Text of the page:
Multimedia Tools and Applications

, Volume 72, Issue 3, pp 2871–2893 | Cite as

Quality assessment of perceptual color video based on a top-down framework and quaternion

  • Junli Li
  • Xiuying Wang
  • Gang Li
  • Fuqiang Zhang
  • David Feng


Objective video quality assessment is of great importance in a variety of video processing applications. Most existing video quality metrics either focus primarily on capturing spatial artifacts in the video signal, or are designed to assess only grayscale video thereby ignoring important chrominance information. In this paper, on the basis of the top-down visual analysis of cognitive understanding and video features, we propose and develop a novel full-reference perceptual video assessment technique that accepts visual information inputs in the form of a quaternion consisting of contour, color and temporal information. Because of the more important role of chrominance information in the “border-to-surface” mechanism at early stages of cognitive visual processing, our new metric takes into account the chrominance information rather than the luminance information utilized in conventional video quality assessment. Our perceptual quaternion model employs singular value decomposition (SVD) and utilizes the human visual psychological features for SVD block weighting to better reflect perceptual focus and interest. Our major contributions include: a new perceptual quaternion that takes chrominance as one spatial feature, and temporal information to model motion or changes across adjacent frames; a three-level video quality measure to reflect visual psychology; and the two weighting methods based on entropy and frame correlation. Our experimental validation on the video quality experts’ group (VQEG) Phase I FR-TV test dataset demonstrated that our new assessment metric outperforms PSNR, SSIM, PVQM (P8) and has high correlation with perceived video quality.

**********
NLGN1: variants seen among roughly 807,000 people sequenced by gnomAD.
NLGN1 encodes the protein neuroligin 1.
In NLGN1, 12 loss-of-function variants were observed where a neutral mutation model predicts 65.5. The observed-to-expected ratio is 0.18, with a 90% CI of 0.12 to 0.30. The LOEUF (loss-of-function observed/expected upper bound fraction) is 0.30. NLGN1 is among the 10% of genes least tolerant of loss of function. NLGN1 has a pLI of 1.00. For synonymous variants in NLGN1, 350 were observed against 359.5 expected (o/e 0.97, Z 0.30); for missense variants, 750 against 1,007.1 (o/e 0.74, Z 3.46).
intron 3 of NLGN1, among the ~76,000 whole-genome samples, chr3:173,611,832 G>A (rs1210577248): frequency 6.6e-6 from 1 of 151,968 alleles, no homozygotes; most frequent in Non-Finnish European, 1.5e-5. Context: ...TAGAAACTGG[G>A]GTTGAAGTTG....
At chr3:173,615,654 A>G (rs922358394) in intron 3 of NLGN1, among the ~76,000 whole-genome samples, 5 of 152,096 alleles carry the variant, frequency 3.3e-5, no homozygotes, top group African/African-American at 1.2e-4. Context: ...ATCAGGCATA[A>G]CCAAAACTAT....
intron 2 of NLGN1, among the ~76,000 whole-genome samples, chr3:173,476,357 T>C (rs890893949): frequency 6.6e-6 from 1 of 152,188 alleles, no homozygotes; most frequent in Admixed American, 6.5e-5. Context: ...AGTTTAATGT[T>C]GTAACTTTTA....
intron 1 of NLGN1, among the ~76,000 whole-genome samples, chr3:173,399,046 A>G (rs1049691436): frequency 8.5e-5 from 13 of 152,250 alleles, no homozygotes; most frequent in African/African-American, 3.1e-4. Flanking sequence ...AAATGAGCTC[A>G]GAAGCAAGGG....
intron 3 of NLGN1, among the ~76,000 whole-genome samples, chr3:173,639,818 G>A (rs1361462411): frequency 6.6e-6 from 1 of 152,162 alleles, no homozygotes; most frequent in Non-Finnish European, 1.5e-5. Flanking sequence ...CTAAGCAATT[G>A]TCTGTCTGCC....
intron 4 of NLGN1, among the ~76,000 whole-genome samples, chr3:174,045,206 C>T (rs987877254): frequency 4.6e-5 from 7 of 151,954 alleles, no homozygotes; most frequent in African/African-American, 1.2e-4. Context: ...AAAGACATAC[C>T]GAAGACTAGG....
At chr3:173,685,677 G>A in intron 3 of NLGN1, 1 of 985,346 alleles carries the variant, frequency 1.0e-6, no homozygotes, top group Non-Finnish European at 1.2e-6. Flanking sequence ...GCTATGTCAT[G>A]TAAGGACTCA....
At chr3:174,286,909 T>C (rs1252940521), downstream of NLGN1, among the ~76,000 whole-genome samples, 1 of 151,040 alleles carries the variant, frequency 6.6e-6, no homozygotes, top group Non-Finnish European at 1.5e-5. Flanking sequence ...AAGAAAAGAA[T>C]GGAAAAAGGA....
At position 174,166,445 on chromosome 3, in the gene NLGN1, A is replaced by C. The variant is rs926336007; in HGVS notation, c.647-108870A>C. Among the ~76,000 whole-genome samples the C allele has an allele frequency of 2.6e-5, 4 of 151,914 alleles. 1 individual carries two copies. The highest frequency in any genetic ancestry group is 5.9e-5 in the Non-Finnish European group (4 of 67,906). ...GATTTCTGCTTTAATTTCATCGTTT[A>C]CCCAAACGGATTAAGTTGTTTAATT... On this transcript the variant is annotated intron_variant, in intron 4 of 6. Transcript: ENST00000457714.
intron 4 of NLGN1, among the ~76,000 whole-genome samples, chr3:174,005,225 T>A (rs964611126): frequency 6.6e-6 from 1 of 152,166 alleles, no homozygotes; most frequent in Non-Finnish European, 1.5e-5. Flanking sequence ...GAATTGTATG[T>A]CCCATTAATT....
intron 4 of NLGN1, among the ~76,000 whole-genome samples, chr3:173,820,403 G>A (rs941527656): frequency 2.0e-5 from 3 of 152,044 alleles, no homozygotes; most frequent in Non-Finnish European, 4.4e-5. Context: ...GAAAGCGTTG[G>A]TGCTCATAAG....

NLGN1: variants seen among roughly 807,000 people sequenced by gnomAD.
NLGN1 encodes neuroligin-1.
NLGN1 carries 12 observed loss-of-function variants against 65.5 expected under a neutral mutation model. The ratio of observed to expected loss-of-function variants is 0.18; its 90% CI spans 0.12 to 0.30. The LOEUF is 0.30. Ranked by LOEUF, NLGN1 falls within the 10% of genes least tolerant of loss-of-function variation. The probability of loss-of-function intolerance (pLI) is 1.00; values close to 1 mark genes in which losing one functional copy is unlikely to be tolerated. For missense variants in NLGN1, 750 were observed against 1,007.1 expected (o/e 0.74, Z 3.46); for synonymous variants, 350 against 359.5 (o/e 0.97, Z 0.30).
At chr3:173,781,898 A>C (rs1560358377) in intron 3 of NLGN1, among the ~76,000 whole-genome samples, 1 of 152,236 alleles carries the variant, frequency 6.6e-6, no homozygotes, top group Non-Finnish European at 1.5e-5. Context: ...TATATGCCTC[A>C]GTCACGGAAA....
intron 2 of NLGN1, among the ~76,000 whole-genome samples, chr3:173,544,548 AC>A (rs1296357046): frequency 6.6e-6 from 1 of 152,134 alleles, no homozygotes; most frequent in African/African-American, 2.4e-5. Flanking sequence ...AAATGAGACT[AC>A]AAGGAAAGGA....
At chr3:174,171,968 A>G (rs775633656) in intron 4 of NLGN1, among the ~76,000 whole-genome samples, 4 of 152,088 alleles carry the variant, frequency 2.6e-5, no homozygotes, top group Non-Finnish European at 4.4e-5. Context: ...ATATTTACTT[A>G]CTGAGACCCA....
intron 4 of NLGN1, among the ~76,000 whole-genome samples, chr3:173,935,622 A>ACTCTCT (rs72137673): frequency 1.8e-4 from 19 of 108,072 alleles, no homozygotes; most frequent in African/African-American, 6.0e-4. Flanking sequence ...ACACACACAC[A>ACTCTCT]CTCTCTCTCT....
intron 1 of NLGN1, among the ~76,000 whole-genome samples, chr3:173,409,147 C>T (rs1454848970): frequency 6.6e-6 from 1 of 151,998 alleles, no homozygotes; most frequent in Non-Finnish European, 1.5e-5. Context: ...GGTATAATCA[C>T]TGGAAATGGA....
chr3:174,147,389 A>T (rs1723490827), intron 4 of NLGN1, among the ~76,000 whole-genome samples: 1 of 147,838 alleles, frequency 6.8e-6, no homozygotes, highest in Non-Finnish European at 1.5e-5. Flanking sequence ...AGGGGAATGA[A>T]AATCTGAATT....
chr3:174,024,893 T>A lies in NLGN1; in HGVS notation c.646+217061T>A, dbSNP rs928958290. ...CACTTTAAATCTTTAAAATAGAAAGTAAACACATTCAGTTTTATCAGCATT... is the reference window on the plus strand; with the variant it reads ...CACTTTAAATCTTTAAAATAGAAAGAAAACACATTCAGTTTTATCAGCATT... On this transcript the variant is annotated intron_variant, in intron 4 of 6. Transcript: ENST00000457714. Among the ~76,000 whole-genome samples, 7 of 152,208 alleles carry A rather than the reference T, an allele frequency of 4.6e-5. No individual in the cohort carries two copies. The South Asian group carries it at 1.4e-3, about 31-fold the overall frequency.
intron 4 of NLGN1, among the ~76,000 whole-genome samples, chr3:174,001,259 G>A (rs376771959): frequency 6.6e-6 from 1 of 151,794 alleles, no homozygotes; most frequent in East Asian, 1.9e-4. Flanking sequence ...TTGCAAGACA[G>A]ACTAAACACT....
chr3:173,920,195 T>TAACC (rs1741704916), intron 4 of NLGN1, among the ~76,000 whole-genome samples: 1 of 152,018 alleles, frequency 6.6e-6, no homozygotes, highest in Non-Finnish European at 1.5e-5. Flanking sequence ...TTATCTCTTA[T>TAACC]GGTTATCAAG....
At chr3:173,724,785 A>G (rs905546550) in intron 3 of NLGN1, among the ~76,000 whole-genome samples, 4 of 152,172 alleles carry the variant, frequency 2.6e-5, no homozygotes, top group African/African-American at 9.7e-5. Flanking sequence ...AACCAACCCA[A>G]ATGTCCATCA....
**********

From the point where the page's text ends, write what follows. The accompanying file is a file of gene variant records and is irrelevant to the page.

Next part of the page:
Video quality assessment Top-down framework Cognitive analysis Quaternion Singular value decomposition Edge Chrominance Temporal correlation 



This research was supported by the National Natural Science Foundation of China under Grant No. 60832003, Sichuan scientific and technical support plan under Grant No. 2013SZ0085 and the natural science foundation of Ningbo City under Grant No. 2012A610047.


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Copyright information

© Springer Science+Business Media New York 2013

Authors and Affiliations

  • Junli Li
    • 1
  • Xiuying Wang
    • 2
  • Gang Li
    • 3
  • Fuqiang Zhang
    • 3
  • David Feng
    • 2
  1. 1.College of Computer ScienceSichuan Normal UniversityChengduChina
  2. 2.Biomedical & Multimedia Information Technology Research Group, School of Information TechnologiesUniversity of SydneySydneyAustralia
  3. 3.College of Information Science and EngineeringNingbo UniversityNingboChina

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